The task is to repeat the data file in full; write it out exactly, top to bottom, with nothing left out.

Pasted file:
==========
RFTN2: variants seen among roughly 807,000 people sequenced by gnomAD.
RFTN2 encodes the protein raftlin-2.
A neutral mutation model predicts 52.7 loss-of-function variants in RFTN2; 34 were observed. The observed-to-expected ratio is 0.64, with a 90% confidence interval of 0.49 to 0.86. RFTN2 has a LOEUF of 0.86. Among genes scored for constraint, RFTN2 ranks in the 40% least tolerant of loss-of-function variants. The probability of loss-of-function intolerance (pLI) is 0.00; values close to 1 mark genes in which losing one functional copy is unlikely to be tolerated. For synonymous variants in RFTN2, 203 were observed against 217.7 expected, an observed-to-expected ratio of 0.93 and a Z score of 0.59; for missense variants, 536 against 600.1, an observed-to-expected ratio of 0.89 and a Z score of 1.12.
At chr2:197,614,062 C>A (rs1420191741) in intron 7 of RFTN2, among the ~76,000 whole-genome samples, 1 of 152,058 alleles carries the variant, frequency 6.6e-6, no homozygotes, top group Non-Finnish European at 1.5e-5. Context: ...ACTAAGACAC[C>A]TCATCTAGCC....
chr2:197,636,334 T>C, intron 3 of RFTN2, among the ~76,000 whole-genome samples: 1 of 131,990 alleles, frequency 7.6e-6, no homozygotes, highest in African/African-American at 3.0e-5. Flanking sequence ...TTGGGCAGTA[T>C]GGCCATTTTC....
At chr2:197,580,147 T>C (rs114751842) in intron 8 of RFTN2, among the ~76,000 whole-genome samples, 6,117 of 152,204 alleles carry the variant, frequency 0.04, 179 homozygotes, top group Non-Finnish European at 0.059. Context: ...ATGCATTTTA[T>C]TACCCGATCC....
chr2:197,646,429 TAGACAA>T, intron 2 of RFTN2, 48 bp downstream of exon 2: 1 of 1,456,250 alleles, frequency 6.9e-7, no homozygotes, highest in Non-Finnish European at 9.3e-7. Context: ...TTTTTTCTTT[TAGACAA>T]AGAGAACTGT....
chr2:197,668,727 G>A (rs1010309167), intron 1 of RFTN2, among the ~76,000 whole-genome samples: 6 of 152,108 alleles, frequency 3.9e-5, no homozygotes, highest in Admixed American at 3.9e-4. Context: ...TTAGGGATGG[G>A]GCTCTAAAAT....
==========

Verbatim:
RFTN2: variants seen among roughly 807,000 people sequenced by gnomAD.
RFTN2 encodes the protein raftlin-2.
A neutral mutation model predicts 52.7 loss-of-function variants in RFTN2; 34 were observed. The observed-to-expected ratio is 0.64, with a 90% confidence interval of 0.49 to 0.86. RFTN2 has a LOEUF of 0.86. Among genes scored for constraint, RFTN2 ranks in the 40% least tolerant of loss-of-function variants. The probability of loss-of-function intolerance (pLI) is 0.00; values close to 1 mark genes in which losing one functional copy is unlikely to be tolerated. For synonymous variants in RFTN2, 203 were observed against 217.7 expected, an observed-to-expected ratio of 0.93 and a Z score of 0.59; for missense variants, 536 against 600.1, an observed-to-expected ratio of 0.89 and a Z score of 1.12.
At chr2:197,614,062 C>A (rs1420191741) in intron 7 of RFTN2, among the ~76,000 whole-genome samples, 1 of 152,058 alleles carries the variant, frequency 6.6e-6, no homozygotes, top group Non-Finnish European at 1.5e-5. Context: ...ACTAAGACAC[C>A]TCATCTAGCC....
chr2:197,636,334 T>C, intron 3 of RFTN2, among the ~76,000 whole-genome samples: 1 of 131,990 alleles, frequency 7.6e-6, no homozygotes, highest in African/African-American at 3.0e-5. Flanking sequence ...TTGGGCAGTA[T>C]GGCCATTTTC....
At chr2:197,580,147 T>C (rs114751842) in intron 8 of RFTN2, among the ~76,000 whole-genome samples, 6,117 of 152,204 alleles carry the variant, frequency 0.04, 179 homozygotes, top group Non-Finnish European at 0.059. Context: ...ATGCATTTTA[T>C]TACCCGATCC....
chr2:197,646,429 TAGACAA>T, intron 2 of RFTN2, 48 bp downstream of exon 2: 1 of 1,456,250 alleles, frequency 6.9e-7, no homozygotes, highest in Non-Finnish European at 9.3e-7. Context: ...TTTTTTCTTT[TAGACAA>T]AGAGAACTGT....
chr2:197,668,727 G>A (rs1010309167), intron 1 of RFTN2, among the ~76,000 whole-genome samples: 6 of 152,108 alleles, frequency 3.9e-5, no homozygotes, highest in Admixed American at 3.9e-4. Context: ...TTAGGGATGG[G>A]GCTCTAAAAT....